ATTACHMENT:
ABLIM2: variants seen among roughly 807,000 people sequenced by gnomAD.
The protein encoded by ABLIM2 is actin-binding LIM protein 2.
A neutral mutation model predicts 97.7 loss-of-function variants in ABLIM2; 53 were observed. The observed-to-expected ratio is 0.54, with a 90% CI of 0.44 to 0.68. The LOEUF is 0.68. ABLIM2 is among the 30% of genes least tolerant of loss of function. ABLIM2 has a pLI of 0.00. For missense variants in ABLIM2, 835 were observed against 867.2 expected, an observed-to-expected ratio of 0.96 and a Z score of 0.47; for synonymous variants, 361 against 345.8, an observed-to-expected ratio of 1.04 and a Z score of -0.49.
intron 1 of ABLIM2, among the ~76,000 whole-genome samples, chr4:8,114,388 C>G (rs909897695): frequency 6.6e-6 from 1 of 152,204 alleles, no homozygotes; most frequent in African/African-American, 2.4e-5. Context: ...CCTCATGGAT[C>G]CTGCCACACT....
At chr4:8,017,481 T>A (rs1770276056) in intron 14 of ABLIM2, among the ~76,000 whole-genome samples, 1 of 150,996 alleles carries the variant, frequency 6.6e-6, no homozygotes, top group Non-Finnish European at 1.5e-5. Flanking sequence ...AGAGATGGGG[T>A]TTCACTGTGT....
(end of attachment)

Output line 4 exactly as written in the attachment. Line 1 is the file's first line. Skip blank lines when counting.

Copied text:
intron 1 of ABLIM2, among the ~76,000 whole-genome samples, chr4:8,114,388 C>G (rs909897695): frequency 6.6e-6 from 1 of 152,204 alleles, no homozygotes; most frequent in African/African-American, 2.4e-5. Context: ...CCTCATGGAT[C>G]CTGCCACACT....